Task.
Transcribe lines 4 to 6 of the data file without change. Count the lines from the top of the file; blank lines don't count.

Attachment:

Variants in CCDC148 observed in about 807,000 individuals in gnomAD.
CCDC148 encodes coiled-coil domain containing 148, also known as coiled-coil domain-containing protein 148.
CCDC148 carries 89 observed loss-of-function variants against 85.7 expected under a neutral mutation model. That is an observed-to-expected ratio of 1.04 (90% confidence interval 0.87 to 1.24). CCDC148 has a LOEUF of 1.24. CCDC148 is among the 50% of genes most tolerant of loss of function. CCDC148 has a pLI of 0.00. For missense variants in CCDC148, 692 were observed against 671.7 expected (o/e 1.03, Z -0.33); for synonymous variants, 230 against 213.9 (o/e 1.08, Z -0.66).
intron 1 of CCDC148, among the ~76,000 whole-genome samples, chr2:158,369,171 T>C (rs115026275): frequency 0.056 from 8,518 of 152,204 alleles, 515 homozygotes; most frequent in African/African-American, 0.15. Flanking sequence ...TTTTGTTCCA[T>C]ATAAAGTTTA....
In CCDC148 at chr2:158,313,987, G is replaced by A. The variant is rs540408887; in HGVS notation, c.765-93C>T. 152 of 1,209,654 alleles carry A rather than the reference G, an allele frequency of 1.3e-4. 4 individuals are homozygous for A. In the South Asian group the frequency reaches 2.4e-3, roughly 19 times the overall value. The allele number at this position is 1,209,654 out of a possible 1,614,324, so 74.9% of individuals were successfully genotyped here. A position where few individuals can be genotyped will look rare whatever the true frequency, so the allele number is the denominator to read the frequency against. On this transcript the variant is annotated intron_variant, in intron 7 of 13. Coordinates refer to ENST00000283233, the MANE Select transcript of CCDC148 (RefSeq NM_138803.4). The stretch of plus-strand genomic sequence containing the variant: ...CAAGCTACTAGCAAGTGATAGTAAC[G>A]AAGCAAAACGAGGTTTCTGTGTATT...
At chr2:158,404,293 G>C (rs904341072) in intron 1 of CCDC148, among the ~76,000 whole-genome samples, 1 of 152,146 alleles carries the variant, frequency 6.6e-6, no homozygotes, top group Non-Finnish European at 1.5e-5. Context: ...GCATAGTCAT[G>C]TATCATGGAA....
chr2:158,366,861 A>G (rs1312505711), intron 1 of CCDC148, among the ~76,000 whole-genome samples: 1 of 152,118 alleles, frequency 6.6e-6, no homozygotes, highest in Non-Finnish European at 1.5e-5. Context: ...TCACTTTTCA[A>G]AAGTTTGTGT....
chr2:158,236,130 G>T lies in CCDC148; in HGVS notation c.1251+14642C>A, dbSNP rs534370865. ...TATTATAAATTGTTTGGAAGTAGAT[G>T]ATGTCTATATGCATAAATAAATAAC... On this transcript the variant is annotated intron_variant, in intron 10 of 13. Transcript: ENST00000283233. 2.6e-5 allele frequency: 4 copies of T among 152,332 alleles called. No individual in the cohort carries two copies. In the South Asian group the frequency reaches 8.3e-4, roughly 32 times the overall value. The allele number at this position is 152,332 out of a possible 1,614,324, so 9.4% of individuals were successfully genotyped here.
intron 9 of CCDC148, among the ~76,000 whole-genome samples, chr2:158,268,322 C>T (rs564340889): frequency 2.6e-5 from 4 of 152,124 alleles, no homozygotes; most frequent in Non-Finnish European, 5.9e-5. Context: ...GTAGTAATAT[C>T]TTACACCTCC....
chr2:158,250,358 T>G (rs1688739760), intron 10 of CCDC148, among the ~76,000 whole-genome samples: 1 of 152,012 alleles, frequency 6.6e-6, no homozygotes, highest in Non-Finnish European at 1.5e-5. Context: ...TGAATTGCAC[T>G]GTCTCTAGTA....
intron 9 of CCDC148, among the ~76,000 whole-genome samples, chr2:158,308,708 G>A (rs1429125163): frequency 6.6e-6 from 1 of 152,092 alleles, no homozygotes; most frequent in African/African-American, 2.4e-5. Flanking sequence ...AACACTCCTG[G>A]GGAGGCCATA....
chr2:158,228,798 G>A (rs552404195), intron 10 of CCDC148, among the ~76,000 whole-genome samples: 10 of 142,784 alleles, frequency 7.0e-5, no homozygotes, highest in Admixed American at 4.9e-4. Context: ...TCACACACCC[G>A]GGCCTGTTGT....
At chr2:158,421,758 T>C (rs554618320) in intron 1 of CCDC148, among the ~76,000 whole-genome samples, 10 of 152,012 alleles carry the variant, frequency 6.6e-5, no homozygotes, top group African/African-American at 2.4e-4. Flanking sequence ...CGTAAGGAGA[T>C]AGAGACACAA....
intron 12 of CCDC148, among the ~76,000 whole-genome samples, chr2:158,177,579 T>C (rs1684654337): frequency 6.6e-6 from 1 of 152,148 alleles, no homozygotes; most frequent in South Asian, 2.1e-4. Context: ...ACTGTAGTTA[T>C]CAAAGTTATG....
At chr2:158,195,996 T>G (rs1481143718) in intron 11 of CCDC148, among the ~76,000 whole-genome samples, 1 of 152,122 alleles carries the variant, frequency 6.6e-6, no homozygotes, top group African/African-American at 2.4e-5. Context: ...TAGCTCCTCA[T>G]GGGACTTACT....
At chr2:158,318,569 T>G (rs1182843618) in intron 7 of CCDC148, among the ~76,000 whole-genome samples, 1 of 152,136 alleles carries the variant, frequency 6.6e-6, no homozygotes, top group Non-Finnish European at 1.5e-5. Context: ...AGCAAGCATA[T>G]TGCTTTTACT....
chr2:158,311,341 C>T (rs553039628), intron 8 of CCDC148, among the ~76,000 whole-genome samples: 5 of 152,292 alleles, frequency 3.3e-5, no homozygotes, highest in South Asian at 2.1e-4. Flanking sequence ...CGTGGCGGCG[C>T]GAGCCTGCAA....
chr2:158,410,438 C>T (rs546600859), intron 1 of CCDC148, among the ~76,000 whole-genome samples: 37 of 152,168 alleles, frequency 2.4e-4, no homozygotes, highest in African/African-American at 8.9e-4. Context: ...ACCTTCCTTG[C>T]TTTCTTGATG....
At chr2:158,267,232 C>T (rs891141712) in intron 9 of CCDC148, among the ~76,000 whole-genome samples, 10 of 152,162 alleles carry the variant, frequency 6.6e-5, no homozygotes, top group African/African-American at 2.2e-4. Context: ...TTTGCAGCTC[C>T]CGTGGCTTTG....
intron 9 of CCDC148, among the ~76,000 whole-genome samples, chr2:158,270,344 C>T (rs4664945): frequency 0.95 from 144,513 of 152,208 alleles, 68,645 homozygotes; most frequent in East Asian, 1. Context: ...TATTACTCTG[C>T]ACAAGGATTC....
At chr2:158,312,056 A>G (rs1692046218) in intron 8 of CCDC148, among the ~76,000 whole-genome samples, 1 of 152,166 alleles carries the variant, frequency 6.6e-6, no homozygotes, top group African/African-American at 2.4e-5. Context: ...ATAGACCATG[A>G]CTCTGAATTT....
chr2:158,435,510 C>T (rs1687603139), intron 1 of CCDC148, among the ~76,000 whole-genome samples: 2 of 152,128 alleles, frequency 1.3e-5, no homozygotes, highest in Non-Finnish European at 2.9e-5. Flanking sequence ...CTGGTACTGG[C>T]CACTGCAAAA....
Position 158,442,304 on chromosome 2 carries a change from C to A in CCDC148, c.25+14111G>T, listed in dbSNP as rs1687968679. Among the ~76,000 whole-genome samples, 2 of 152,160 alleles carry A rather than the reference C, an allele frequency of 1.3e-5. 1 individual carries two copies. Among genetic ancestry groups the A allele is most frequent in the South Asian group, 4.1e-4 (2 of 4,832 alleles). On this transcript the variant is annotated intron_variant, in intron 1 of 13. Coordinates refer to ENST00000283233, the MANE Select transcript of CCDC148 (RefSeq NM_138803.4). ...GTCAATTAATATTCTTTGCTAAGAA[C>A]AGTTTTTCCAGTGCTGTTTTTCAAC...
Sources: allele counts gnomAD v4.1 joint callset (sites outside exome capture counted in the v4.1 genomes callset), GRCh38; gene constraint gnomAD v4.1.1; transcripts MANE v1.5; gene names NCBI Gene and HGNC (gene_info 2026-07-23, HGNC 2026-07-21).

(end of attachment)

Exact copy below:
intron 1 of CCDC148, among the ~76,000 whole-genome samples, chr2:158,369,171 T>C (rs115026275): frequency 0.056 from 8,518 of 152,204 alleles, 515 homozygotes; most frequent in African/African-American, 0.15. Flanking sequence ...TTTTGTTCCA[T>C]ATAAAGTTTA....
In CCDC148 at chr2:158,313,987, G is replaced by A. The variant is rs540408887; in HGVS notation, c.765-93C>T. 152 of 1,209,654 alleles carry A rather than the reference G, an allele frequency of 1.3e-4. 4 individuals are homozygous for A. In the South Asian group the frequency reaches 2.4e-3, roughly 19 times the overall value. The allele number at this position is 1,209,654 out of a possible 1,614,324, so 74.9% of individuals were successfully genotyped here. A position where few individuals can be genotyped will look rare whatever the true frequency, so the allele number is the denominator to read the frequency against. On this transcript the variant is annotated intron_variant, in intron 7 of 13. Coordinates refer to ENST00000283233, the MANE Select transcript of CCDC148 (RefSeq NM_138803.4). The stretch of plus-strand genomic sequence containing the variant: ...CAAGCTACTAGCAAGTGATAGTAAC[G>A]AAGCAAAACGAGGTTTCTGTGTATT...
At chr2:158,404,293 G>C (rs904341072) in intron 1 of CCDC148, among the ~76,000 whole-genome samples, 1 of 152,146 alleles carries the variant, frequency 6.6e-6, no homozygotes, top group Non-Finnish European at 1.5e-5. Context: ...GCATAGTCAT[G>C]TATCATGGAA....